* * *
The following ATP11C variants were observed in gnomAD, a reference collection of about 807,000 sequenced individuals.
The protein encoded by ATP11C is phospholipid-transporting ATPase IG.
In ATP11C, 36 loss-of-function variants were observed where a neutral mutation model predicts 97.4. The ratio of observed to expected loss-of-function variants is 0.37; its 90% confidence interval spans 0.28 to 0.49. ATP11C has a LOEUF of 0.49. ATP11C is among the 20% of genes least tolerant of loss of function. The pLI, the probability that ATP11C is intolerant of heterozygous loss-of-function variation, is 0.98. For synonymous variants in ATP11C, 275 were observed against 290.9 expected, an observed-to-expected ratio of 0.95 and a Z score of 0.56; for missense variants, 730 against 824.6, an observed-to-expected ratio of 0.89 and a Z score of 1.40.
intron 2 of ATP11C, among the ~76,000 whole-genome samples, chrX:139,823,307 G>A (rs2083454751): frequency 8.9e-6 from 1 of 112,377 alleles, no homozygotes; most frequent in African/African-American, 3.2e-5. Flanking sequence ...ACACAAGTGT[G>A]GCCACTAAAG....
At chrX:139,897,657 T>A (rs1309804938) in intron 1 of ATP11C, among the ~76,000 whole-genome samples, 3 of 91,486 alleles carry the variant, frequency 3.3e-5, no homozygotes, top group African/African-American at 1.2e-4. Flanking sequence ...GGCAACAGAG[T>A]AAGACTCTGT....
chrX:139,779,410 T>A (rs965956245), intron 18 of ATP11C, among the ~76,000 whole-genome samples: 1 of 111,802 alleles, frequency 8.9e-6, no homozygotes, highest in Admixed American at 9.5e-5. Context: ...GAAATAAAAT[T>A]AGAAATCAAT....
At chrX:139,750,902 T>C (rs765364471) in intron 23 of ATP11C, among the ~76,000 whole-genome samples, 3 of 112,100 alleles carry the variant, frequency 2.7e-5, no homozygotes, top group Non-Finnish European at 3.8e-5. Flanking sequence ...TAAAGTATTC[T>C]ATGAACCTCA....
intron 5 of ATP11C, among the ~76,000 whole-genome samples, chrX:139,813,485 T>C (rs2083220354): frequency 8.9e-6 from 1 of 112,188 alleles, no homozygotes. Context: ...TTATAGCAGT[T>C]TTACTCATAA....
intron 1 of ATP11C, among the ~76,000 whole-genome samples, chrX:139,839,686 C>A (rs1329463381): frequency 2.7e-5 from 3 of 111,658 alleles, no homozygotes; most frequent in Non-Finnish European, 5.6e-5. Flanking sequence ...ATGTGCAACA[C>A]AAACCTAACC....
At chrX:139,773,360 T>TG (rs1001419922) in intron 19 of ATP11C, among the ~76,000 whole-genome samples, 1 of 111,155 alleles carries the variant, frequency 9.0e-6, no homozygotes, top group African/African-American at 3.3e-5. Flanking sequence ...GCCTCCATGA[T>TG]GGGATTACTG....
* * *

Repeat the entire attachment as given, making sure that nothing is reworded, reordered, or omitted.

The following ATP11C variants were observed in gnomAD, a reference collection of about 807,000 sequenced individuals.
The protein encoded by ATP11C is phospholipid-transporting ATPase IG.
In ATP11C, 36 loss-of-function variants were observed where a neutral mutation model predicts 97.4. The ratio of observed to expected loss-of-function variants is 0.37; its 90% confidence interval spans 0.28 to 0.49. ATP11C has a LOEUF of 0.49. ATP11C is among the 20% of genes least tolerant of loss of function. The pLI, the probability that ATP11C is intolerant of heterozygous loss-of-function variation, is 0.98. For synonymous variants in ATP11C, 275 were observed against 290.9 expected, an observed-to-expected ratio of 0.95 and a Z score of 0.56; for missense variants, 730 against 824.6, an observed-to-expected ratio of 0.89 and a Z score of 1.40.
intron 2 of ATP11C, among the ~76,000 whole-genome samples, chrX:139,823,307 G>A (rs2083454751): frequency 8.9e-6 from 1 of 112,377 alleles, no homozygotes; most frequent in African/African-American, 3.2e-5. Flanking sequence ...ACACAAGTGT[G>A]GCCACTAAAG....
At chrX:139,897,657 T>A (rs1309804938) in intron 1 of ATP11C, among the ~76,000 whole-genome samples, 3 of 91,486 alleles carry the variant, frequency 3.3e-5, no homozygotes, top group African/African-American at 1.2e-4. Flanking sequence ...GGCAACAGAG[T>A]AAGACTCTGT....
chrX:139,779,410 T>A (rs965956245), intron 18 of ATP11C, among the ~76,000 whole-genome samples: 1 of 111,802 alleles, frequency 8.9e-6, no homozygotes, highest in Admixed American at 9.5e-5. Context: ...GAAATAAAAT[T>A]AGAAATCAAT....
At chrX:139,750,902 T>C (rs765364471) in intron 23 of ATP11C, among the ~76,000 whole-genome samples, 3 of 112,100 alleles carry the variant, frequency 2.7e-5, no homozygotes, top group Non-Finnish European at 3.8e-5. Flanking sequence ...TAAAGTATTC[T>C]ATGAACCTCA....
intron 5 of ATP11C, among the ~76,000 whole-genome samples, chrX:139,813,485 T>C (rs2083220354): frequency 8.9e-6 from 1 of 112,188 alleles, no homozygotes. Context: ...TTATAGCAGT[T>C]TTACTCATAA....
intron 1 of ATP11C, among the ~76,000 whole-genome samples, chrX:139,839,686 C>A (rs1329463381): frequency 2.7e-5 from 3 of 111,658 alleles, no homozygotes; most frequent in Non-Finnish European, 5.6e-5. Flanking sequence ...ATGTGCAACA[C>A]AAACCTAACC....
At chrX:139,773,360 T>TG (rs1001419922) in intron 19 of ATP11C, among the ~76,000 whole-genome samples, 1 of 111,155 alleles carries the variant, frequency 9.0e-6, no homozygotes, top group African/African-American at 3.3e-5. Flanking sequence ...GCCTCCATGA[T>TG]GGGATTACTG....